Are Female Board Members A Boost To Companies?
RENEE MONTAGNE, Host:
Corporate boards are becoming a bit more coed. A recent survey showed that 25 percent of U.S. corporate board members are women. Some people argue that more women on a board can mean a better-run company, and we put that theory to Lucy Kellaway. She's a columnist for the Financial Times in London. And, by the way, she also serves on the board of a car insurance company, and I began by asking her what that was like.
LUCY KELLAWAY: It is fascinating for me as a journalist to do that because I've been writing about management and workplace issues purely as a hack, sitting at my desk. But to get on the other side of the fence and see how they really do it has been quite terrific.
MONTAGNE: You know, one thing that has been written about - and I'm curious what you think about it - and that is that women somehow would lead to better governance of companies and therefore lead to more profits.
MONTAGNE: What do you think?
KELLAWAY: Yes. There is a lot. And increasingly, the women's lobby are forcing these stats at us and saying, it's now proven. I think these statistics are really dodgy, and I think we should fight shy of them. So as soon as a woman starts saying to me we know women mean better governance, I think you are talking through your hat. You have no proof of that at all. But from that, it doesn't mean to say that women shouldn't be on boards. I think women should be because we're half the, you know, population. But I think, one needs to be very careful about making claims like that at all.
MONTAGNE: Well, are there any claims that can be made either positive - or, I guess, negative, too - about more women on corporate boards? Or it's just like, it doesn't matter?
KELLAWAY: Yeah. Well, I mean, interestingly, I've asked my fellow directors what they thought, and they did all say that we tended to approach issues slightly less aggressively and cut down a bit on the sort of, you know, testosterone, one-upmanship than there might otherwise have been. And then, of course, you had the other things. It does look good within a company to have women on their board. It's possibly encouraging to the employees. I mean, that, I think, is the big thing.
MONTAGNE: Well, you know, what do you think, Lucy, of countries where lawmakers force companies to hire certain number of women on corporate boards? In Norway's case, it's a quota of 40 percent. You know, would this be a good thing, do you think, in the UK where you're, or here in the U.S.?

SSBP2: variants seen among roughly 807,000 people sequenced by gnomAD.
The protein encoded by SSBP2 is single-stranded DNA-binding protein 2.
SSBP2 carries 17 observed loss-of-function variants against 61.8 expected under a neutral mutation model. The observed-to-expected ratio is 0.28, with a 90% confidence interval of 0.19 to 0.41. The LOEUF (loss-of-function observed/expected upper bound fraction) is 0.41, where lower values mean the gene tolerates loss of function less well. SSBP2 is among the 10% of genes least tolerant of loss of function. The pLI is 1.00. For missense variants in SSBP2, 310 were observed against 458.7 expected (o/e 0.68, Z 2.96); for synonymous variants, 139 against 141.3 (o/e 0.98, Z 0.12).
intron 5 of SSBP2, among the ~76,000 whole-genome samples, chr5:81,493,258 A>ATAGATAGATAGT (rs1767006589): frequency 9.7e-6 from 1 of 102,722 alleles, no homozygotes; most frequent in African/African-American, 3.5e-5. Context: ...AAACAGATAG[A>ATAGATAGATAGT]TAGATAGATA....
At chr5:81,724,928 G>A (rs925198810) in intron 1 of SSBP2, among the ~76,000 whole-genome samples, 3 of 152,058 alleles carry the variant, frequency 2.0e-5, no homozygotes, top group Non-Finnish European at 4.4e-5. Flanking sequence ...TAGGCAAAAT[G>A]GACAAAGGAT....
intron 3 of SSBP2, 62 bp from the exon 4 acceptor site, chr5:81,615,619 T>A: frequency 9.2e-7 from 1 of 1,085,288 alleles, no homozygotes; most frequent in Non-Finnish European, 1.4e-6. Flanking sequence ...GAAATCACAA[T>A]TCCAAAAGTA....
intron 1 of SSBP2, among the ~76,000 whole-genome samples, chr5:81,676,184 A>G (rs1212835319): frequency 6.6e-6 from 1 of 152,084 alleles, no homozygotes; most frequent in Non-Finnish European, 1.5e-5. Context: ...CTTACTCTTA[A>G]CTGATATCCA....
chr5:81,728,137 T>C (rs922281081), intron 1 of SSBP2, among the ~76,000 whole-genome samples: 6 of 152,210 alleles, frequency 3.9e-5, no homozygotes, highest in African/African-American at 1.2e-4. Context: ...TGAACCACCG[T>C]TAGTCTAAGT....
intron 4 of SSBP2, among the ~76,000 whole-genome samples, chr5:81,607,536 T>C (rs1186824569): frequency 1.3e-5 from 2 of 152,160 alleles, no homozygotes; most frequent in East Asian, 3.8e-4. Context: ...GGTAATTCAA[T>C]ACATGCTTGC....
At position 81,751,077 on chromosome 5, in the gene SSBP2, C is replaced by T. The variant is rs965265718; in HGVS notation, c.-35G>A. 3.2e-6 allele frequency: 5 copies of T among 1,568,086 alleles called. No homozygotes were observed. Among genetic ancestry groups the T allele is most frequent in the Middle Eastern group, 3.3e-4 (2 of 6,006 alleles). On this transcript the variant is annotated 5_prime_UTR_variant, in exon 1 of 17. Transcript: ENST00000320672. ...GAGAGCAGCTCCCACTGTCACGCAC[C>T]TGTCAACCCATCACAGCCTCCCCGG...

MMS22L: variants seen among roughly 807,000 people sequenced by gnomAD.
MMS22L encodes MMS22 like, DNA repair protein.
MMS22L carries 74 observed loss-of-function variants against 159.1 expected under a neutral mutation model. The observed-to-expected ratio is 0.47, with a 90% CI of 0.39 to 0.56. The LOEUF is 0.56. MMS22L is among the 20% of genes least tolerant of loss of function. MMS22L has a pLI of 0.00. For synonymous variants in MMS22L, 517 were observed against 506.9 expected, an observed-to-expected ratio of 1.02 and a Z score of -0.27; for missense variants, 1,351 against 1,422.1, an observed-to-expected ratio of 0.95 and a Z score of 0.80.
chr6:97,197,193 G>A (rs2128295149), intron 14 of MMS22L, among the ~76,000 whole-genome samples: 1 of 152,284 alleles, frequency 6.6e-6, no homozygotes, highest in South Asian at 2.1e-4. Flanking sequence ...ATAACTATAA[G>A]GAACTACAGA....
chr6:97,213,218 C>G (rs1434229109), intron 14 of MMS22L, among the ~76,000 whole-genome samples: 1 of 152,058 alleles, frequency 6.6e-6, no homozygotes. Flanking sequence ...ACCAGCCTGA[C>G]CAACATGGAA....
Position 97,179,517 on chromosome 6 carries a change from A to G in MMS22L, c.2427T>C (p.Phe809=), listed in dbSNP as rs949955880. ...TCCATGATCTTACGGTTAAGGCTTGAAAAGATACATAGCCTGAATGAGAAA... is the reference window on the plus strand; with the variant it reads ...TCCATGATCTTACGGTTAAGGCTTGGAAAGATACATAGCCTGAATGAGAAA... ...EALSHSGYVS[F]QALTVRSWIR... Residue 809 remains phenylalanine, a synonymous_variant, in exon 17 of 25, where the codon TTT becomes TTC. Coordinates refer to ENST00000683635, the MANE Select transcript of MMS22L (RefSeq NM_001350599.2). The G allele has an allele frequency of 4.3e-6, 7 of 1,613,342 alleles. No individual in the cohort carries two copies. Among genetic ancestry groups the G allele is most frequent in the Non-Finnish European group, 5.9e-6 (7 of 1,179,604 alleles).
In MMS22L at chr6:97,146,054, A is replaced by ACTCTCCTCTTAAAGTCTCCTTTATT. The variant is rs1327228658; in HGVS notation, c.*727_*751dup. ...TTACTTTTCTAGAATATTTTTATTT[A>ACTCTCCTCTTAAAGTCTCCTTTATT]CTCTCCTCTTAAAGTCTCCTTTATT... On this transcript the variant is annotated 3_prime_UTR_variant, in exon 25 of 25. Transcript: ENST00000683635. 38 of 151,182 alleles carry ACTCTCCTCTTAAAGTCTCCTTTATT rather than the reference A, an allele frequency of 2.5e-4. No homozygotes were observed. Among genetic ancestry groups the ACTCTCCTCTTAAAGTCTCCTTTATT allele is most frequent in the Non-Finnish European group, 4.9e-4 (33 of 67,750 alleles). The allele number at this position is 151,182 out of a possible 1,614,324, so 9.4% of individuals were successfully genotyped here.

KELLAWAY: No. I think it's an absolutely terrible thing. I mean, you know, so now it's worked in the sense that I think there are now 44 percent of women on boards in Norway. They're nearly all non-execs, and there really aren't enough of them. So this is a ludicrous situation, where often one woman will be on the board of eight to 12 companies. I mean, that is not good governance. You'd get so mixed up, you wouldn't know which blinking meeting you were in.
MONTAGNE: Okay, last question. What was your most favorite moment on your board?
KELLAWAY: Ooh. I'll tell you one difference between the men and the women.
(SOUNDBITE OF LAUGHTER)
KELLAWAY: Men do prefer playing the game I call I'm more important than you are. So one of the most contentious things in board meetings is agreeing the dates for future meetings. So everyone gets out their BlackBerry. And, you know, they say - the men always say, oh, you know, I'm a little bit tied up on, you know, March 3rd, 2013. And they will say those...
(SOUNDBITE OF LAUGHTER)
KELLAWAY: ...and then I sit there with my female colleague, both of us doing, you know, fulltime jobs elsewhere. And we sort of exchange little glances at that point.
MONTAGNE: Lucy Kellaway writes about workplace and management matters. And she joined us from her workplace in London at the Financial Times. Thanks for joining us.
KELLAWAY: Thank you.
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